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29.3. The Document Object Model

The Document Object Model exposes every element of an HTML page to a scripting language, such as JavaScript. Early iterations of the DOM, now called DOM Level 0 and retained for backwards compatibility, gave scripts access to only some objects on a page, including forms, frames, and images. DOM Level 1 and DOM Level 2, however, allow you to access and change almost any part of an HTML (or XHTML) document, so you can modify, add, or remove attributes or even entire elements. (For more information on the DOM specifications, see http://www.w3.org/DOM/.)

In JavaScript parlance, each element of the page is an object. The DOM begins with a base object called the document object, which refers to the HTML page itself and everything in it. All the elements contained within the HTML page, such as headings, paragraphs, images, forms, and links, are represented by separate objects. These objects branch off from the document object, like branches from a tree trunk, to form a hierarchy of elements.

To do something such as changing the appearance of a particular element in an HTML document, you first have to reference the object that corresponds to that element. Let's start with a simple example, where we want to reference a particular image in an HTML document. Using JavaScript, the general form of the reference is:


Say we have HTML code that looks like this:

<IMG SRC="start.gif" NAME="start">

To refer to this image, we can use the following JavaScript:


Images, along with some other common elements, such as forms and links, get special treatment in the DOM, so they can be referenced using this simple syntax. For regular HTML elements, like headings and paragraphs, the technique is a bit different. Consider the following HTML document:

<title>Sample Document</title>
<h1>An HTML Document</h1>
<p id="simple">This is a simple paragraph.</p>

To refer to the paragraph element in this document, we can use the following JavaScript:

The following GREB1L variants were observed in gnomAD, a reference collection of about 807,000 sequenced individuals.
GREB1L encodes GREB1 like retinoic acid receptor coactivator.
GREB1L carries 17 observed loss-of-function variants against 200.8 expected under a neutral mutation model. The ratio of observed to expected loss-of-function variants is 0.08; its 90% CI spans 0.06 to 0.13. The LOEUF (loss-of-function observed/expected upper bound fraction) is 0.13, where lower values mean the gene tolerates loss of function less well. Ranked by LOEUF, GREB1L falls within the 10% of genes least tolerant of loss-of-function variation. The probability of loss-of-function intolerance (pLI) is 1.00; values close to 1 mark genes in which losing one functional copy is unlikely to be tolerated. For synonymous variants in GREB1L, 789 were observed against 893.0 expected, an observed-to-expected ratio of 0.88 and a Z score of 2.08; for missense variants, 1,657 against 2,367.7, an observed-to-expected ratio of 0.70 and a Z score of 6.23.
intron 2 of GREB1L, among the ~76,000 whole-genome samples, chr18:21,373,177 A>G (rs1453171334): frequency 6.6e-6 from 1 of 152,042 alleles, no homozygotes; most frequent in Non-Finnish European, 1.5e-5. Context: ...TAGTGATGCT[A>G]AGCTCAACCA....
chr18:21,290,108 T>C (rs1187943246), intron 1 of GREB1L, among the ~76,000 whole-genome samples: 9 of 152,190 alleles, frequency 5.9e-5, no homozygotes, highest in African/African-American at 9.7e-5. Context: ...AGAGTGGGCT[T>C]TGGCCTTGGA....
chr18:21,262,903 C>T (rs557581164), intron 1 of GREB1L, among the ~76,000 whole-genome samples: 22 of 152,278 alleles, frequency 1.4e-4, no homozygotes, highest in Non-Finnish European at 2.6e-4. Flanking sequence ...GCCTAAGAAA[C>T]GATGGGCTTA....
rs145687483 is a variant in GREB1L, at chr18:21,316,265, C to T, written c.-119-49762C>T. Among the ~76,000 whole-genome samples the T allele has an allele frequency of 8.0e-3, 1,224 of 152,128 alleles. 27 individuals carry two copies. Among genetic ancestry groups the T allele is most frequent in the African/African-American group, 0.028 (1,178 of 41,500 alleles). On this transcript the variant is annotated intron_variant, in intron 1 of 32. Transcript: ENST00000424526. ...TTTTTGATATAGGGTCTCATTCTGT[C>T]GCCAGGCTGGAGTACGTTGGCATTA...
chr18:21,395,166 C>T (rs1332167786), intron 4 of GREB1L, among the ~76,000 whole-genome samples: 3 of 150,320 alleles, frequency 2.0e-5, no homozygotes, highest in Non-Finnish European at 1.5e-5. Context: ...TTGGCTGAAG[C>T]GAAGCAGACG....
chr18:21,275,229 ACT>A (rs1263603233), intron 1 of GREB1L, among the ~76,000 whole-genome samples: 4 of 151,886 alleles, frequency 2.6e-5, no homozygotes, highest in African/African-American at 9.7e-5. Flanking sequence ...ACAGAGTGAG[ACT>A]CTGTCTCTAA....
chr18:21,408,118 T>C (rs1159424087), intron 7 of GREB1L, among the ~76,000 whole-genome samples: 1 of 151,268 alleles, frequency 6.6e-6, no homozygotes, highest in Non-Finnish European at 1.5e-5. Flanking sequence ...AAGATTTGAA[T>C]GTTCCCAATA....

getElementById( ) is a method, or built-in function, of the document object. It returns the HTML element with the specified id attribute in the document, which in this case is the paragraph we are interested in. The document object also has a number of other methods for accessing HTML elements, such as getElementsByTagName( ) and getElementsByName( ).

Just referencing an object isn't particularly interesting, however. What we really want to be able to do is manipulate the object, say by changing its appearance or location. One way to manipulate an object is to change its properties, which describe different characteristics of the object. In most cases, these properties actually correspond to attributes of the HTML element represented by the object. For example, an image object has a src property that corresponds to the src attribute of the <img> tag. We used this property to implement image rollovers in Chapter 28, "Introduction to JavaScript".

Table 29-1 lists the DOM objects for some common HTML elements, along with some of their properties.

Table 29-1. DOM objects and their properties


HTML element



alink, attributes, background, bgcolor, style, text, title, vlink


attributes, className, href, id, name, style, tagName, title


action, attributes, elements, id, style, tagName, target, title


align, alt, attributes, border, height, hspace, id, isMap, name, src, style, tagName, title, useMap, vspace, width

With DHTML, the style property is by far the most important property. It lets you access all of the CSS properties that apply to a particular element, so you can use it to change things like the color, font family, and font size of an element. For example, here's how we can change the color of our simple paragraph to green:

document.getElementById("simple").style.color = "00FF00";

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